FM Synthesis Of Metallic Sounds

This video – the first in a series by Element433 on FM synthesis – takes a look at using FM to create a variety of metallic sounds.

“The idea of this series is to show how to improve on the original ‘plasticky’ sounding F.M. presets that were/are so ubiquitous on the original F.M. synthesizers of the 1980s,” they note.

Each example in the video has a “structure” (synthesis parameters) and a “creative” context, which in this case are short film clips.

Here’s what they shared about the technical details:

Synthesis Parameters

C = Carrier M =Modulator (As shown in VOPM)
Detune is for slightly detuning for phasing and chorusing effects

The most universal F.M. parameters (mainly frequency ratio data) are provided from which to create variations of the “material” timbres in the videos. For example, you will be surprised how much variation is possible by changing the fundamental frequency and the inharmonic frequencies of the bells.

Frequency Ratios

Frequency ratios and detune settings are provided for FB01/CX5 4 operator and DX7 (in red).

Levels and Envelopes

Level and envelope data varies quite a lot depending on the model of F.M. device you have so they were omitted here, however, it is fairly easy to work them out by listening and following the order in the video.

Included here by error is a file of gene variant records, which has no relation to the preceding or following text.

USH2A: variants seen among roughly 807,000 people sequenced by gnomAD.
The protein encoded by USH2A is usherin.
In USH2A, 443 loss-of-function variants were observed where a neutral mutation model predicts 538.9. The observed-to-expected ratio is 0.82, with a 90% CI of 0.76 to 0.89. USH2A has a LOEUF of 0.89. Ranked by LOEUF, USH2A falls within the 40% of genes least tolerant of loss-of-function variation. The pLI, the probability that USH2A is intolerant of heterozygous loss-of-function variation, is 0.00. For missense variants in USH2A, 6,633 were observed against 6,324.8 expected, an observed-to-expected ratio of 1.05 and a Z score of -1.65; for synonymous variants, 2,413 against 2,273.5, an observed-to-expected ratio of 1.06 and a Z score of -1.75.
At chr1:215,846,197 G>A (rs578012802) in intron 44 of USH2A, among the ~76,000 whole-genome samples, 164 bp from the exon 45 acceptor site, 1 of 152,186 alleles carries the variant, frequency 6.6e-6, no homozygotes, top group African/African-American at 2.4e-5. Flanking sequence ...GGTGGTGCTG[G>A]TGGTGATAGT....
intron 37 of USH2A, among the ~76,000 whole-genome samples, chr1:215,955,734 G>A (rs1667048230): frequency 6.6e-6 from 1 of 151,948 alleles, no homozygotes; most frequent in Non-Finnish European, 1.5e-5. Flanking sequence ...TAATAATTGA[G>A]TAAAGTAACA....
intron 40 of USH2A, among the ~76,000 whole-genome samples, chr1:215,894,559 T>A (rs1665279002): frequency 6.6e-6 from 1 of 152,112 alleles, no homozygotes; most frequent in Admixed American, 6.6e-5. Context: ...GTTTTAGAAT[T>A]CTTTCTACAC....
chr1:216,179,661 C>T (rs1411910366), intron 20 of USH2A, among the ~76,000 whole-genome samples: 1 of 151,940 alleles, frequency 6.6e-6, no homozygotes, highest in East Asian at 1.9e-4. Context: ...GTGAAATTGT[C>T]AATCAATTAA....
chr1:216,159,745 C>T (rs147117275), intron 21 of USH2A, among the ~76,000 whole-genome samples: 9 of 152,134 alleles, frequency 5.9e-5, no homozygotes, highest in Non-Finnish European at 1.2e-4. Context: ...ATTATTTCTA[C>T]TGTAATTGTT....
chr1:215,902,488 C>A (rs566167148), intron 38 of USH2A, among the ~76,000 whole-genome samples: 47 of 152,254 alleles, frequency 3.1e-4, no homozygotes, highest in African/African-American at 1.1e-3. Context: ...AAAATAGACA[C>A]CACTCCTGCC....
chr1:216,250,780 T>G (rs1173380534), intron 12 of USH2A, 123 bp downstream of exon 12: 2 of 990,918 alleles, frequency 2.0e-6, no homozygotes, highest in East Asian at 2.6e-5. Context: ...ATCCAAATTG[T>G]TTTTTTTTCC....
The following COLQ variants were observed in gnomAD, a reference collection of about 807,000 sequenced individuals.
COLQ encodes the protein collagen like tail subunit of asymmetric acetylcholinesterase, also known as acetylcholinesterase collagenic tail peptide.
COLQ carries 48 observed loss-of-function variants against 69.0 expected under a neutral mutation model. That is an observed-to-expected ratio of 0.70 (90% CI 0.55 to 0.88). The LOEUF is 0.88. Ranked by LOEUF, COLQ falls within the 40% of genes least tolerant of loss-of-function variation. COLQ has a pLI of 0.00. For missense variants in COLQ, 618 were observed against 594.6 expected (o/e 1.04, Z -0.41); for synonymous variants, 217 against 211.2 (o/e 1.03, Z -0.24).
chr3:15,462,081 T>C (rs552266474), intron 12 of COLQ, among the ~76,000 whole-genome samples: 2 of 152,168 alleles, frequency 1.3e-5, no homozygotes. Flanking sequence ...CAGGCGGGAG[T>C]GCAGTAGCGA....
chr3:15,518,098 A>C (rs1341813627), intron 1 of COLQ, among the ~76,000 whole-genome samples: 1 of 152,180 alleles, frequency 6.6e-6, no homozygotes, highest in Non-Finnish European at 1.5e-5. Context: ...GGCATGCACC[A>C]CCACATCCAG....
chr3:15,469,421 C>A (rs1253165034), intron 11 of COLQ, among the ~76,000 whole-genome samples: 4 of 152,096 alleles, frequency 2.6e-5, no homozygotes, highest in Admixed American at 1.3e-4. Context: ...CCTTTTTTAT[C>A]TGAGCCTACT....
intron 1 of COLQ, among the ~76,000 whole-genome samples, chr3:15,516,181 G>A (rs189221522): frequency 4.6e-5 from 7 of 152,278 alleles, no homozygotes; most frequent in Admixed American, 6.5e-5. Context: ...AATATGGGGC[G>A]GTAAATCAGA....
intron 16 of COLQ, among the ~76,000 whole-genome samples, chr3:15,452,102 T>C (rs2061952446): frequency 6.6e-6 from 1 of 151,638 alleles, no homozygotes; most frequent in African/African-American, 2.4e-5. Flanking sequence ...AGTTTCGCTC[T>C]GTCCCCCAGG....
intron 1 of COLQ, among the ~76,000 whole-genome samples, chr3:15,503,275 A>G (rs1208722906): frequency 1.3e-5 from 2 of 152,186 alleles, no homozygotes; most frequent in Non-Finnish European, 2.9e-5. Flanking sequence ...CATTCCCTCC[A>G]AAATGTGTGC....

1) Make sure you have the correct algorithm.

2) Start with the first operator as the loudest operator (full level). Then get the level for each subsequent operator. Follow the order in which they are switched on in the video and experiment to get the timbre as close to the videos as possible.

3) The envelopes are pretty easy to work out if you listen to each operator as it is switched on in the video.

If you are are still stuck, I recommend learning the basics of FM.

3 thoughts on “FM Synthesis Of Metallic Sounds

  1. Absolutely great for anyone using or working with F.M. sounds. Cool sounds protraied. Very happy with that, thanks!
    Nonetheless some remarks:
    – Missing the physical background driving the algorithm choice and frequentie ratios.
    – Can’t agree with plasticy sounds of the CX-5M (wrote some F.M. editing software for that!) or the DX series. There were truly physically modelled and great sounds in there.

    And, although the sounds in this first video of the series seem to be lacking some physical reality they are close enough with added twists and deepness. No effects used, and no modulation other than envelopes, people.
    Great! Synthesis! Sound design!

    Thank you again.

  2. Very good tutorial, much more clear than usual. I’ve turned to physical modeling over FM because its far less fidgety to program if you’re looking for most of these sounds. Its also a bit less static & breathes more, where FM is so clean, it can require a lot of added work to make things playable. There are now several more advanced FM options that take on a lot of the heavy lifting from the days of that teeny DX7 display. I just find physical modeling to be a more workable form o’ synthesis.

  3. This video prompted me to look at a bit of research into bells and how they are tuned (as I’m a fan of physical modelling, and I didn’t think that first bell tone was too good).

    Some really good resources here:, including showing the envelope shapes over time of the main frequencies – might not be what you’d expect!!

    Of course, you’ll need to learn about the terminology used by bell-makers.

    So ideally you need at least 6 sine oscillators to make a credible bell sound using additive synthesis!

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